Robert Scoble was already something of a hero of mine even before he showed such moral courage and leadership this week. Now i say make him pope when Benedict is done. Last week i asked what would happen now that Scoble’s boss had moved on. Well, this week i had the most emphatic response possible.
For those that have not followed the story, it seems Microsoft may be scaling back on its commitments to equal opportunities for gay men and women. There is plenty of commentary already out there, much of it based on moral arguments. That is, that appreciation of diversity is a good in itself. I feel we need to take the fight back to the bigots though, those that make economic and political threats in pursuit of their opinions. So what about the economics of diversity, and why is Microsoft’s management possibly making a major blunder?
Its a question of the Talent. Great companies must attract, retain and encourage the Talent. Microsoft is in the intellectual property business, which means people are its most important asset. Microsoft last week was a company with a decent record of fostering diversity. Today, though, if you were going for an interview at the Redmond campus and you happened to be gay, how would you be feeling about the firm? Would you want to sign up?
I recently posted on a perceived brain drain at Microsoft and recieved some indignant responses. There is no exodus of talent, apparently. But some say its not such a happy campus.
Attracting and retaining the Talent requires a good quality of life in the local area. There is a great deal of evidence to show that metropolitan areas with significant gay communities are more economically successful. Places like Austin, London, New York and San Francisco. As Richard Florida, author of The Rise Of The Creative Class puts it in somewhat rhetorical fashion: Why cities without gays and rock bands are losing the economic development race. Seattle’s Creativity Index just started falling…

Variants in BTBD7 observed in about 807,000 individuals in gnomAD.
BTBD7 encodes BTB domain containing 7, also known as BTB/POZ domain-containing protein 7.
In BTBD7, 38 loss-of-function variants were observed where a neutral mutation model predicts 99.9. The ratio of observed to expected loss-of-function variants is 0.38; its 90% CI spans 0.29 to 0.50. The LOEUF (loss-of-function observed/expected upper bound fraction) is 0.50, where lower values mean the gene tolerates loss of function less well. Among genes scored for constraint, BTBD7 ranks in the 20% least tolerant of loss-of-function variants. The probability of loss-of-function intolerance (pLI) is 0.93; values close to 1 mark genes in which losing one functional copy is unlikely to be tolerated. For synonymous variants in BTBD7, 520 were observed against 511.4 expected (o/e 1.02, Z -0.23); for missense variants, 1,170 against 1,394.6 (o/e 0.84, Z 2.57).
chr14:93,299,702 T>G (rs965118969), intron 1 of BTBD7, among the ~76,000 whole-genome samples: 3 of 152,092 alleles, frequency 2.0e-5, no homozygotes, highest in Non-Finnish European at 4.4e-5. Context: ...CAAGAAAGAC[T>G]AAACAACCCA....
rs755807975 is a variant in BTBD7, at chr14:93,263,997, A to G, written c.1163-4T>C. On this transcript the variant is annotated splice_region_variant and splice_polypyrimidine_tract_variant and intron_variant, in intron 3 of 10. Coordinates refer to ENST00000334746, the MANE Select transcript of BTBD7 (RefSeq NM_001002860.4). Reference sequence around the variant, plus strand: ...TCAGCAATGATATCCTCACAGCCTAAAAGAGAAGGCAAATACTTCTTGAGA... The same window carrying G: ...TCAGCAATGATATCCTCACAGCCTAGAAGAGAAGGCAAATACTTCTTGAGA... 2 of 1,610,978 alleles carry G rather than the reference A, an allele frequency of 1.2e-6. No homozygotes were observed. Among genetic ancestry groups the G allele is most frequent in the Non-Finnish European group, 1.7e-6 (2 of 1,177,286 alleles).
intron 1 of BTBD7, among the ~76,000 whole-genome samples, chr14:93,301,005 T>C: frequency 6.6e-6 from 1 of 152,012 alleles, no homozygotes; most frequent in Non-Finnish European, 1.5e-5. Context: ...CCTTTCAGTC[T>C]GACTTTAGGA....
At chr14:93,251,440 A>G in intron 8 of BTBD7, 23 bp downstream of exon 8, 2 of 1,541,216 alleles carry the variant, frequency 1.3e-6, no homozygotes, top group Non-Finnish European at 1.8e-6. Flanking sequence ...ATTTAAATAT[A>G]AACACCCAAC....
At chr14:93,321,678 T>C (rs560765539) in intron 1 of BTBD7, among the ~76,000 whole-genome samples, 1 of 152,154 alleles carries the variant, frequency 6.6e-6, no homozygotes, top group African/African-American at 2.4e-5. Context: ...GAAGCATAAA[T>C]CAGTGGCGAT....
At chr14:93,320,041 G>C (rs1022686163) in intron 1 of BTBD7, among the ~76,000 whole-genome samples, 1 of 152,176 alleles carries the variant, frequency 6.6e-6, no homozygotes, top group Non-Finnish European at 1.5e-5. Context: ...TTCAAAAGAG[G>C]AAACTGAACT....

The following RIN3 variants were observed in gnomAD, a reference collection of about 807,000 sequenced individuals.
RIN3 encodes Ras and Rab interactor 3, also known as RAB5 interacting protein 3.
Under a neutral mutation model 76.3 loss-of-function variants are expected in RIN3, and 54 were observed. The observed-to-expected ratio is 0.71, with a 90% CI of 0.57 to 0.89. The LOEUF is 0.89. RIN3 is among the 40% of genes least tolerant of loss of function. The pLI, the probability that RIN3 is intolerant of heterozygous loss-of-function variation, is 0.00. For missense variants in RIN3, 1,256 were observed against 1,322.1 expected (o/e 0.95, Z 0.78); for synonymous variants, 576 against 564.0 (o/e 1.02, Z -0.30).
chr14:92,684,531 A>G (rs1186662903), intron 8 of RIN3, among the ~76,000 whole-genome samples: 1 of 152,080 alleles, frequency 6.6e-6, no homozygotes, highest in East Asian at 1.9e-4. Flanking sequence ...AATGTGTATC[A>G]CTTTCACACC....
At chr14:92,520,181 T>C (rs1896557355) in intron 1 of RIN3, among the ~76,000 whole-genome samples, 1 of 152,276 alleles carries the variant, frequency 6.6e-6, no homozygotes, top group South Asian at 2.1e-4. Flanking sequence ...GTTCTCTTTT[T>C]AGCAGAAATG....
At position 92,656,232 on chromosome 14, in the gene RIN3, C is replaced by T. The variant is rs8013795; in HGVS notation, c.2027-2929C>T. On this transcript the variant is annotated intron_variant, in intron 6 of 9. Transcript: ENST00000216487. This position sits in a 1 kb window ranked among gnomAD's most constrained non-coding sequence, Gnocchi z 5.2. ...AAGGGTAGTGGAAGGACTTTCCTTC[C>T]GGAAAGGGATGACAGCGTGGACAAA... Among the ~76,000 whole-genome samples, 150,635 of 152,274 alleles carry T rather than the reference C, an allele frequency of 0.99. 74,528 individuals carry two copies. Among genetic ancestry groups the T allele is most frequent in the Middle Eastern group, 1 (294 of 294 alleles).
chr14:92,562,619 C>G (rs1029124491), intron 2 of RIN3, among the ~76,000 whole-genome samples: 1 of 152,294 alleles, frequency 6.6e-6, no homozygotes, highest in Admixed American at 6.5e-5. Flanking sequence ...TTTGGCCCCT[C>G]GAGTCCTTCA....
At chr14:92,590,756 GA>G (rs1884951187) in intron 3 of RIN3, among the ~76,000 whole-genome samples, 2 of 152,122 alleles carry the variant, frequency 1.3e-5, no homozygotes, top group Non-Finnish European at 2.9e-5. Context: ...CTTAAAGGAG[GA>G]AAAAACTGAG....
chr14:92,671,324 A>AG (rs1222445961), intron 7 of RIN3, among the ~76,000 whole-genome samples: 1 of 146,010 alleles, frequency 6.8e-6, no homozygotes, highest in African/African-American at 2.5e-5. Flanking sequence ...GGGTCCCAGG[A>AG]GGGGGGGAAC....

I think it’s important for a place to have low entry barriers for people—that is, to be a place where newcomers are accepted quickly into all sorts of social and economic arrangements. All else being equal, they are likely to attract greater numbers of talented and creative people—the sort of people who power innovation and growth. Places that thrive in today’s world tend to be plug-and-play communities where anyone can fit in quickly. These are places where people can find opportunity, build support structures, be themselves, and not get stuck in any one identity. The plug-and-play community is one that somebody can move into and put together a life—or at least a facsimile of a life—in a week.
There is no one-size-fits-all model for a successful people climate. The members of the creative class are diverse across the dimensions of age, ethnicity and race, marital status, and sexual preference. An effective people climate needs to emphasize openness and diversity, and to help reinforce low barriers to entry. Thus, it cannot be restrictive or monolithic.
I would like to give Microsoft the benefit of the doubt on these issues. There are some offnotes though; such as the firms alleged links with the wonderfully moral Ralph Reed.
I am not going to take Steve Ballmer or Vic Gundotra to task. I think i understand the desire to “rise above politics”. I just don’t agree with it. Everything is interconnected. And unless MS does the right thing, it will find bringing in Talent harder than ever. That would be a shame because the firm still has a lot of great work to do and needs great people to deliver on its promise. People like Alan Turing (via Scoble)…
And there was me saying i wouldn’t be doing any more diversity posts… One final note – perhaps the single most important factor in fostering diversity is tolerating dissent. By its continued willingness to engage with the Scoble agenda, especially on such a tough issue, Microsoft is showing, rather than telling, why so many people still find it such an inspiring place to work.